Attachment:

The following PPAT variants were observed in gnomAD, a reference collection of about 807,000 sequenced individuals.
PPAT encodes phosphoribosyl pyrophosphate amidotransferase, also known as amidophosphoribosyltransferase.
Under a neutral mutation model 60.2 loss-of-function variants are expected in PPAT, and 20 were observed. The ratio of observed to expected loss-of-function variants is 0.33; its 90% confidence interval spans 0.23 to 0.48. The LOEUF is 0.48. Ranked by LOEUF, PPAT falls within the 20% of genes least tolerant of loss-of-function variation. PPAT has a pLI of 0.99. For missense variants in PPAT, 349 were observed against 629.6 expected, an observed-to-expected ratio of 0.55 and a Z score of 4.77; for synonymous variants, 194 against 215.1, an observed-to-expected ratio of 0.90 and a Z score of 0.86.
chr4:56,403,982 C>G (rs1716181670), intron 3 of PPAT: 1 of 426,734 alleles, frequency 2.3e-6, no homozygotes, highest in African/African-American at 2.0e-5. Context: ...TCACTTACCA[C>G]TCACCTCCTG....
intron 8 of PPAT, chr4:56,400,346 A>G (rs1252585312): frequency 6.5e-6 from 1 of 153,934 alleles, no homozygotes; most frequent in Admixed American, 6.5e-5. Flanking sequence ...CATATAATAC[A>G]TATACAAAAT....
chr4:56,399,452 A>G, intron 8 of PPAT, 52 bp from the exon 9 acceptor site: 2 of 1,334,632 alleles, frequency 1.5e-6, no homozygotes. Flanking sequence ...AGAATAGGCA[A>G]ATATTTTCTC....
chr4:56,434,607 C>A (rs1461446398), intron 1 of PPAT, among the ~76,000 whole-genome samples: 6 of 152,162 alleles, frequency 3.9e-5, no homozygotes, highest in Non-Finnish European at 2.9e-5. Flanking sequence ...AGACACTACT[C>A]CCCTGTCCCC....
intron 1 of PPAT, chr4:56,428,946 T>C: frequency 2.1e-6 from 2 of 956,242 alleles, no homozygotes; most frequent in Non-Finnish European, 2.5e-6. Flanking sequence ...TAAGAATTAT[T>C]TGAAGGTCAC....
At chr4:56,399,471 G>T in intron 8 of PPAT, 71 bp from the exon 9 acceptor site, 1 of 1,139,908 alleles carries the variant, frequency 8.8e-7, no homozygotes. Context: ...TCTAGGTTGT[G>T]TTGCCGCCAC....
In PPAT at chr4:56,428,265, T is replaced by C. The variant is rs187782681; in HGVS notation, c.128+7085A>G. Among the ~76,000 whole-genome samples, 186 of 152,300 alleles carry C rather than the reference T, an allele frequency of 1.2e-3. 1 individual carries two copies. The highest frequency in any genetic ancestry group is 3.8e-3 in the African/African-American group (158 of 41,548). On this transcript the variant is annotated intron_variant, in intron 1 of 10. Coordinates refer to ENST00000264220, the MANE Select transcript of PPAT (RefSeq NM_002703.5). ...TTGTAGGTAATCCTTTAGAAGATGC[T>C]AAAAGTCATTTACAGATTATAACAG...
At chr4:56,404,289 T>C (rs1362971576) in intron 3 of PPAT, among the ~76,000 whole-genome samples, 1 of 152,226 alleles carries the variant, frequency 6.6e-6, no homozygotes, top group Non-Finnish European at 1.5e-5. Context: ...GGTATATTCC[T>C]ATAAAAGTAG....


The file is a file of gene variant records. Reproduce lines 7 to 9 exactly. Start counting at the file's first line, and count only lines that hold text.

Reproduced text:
chr4:56,434,607 C>A (rs1461446398), intron 1 of PPAT, among the ~76,000 whole-genome samples: 6 of 152,162 alleles, frequency 3.9e-5, no homozygotes, highest in Non-Finnish European at 2.9e-5. Flanking sequence ...AGACACTACT[C>A]CCCTGTCCCC....
intron 1 of PPAT, chr4:56,428,946 T>C: frequency 2.1e-6 from 2 of 956,242 alleles, no homozygotes; most frequent in Non-Finnish European, 2.5e-6. Flanking sequence ...TAAGAATTAT[T>C]TGAAGGTCAC....
At chr4:56,399,471 G>T in intron 8 of PPAT, 71 bp from the exon 9 acceptor site, 1 of 1,139,908 alleles carries the variant, frequency 8.8e-7, no homozygotes. Context: ...TCTAGGTTGT[G>T]TTGCCGCCAC....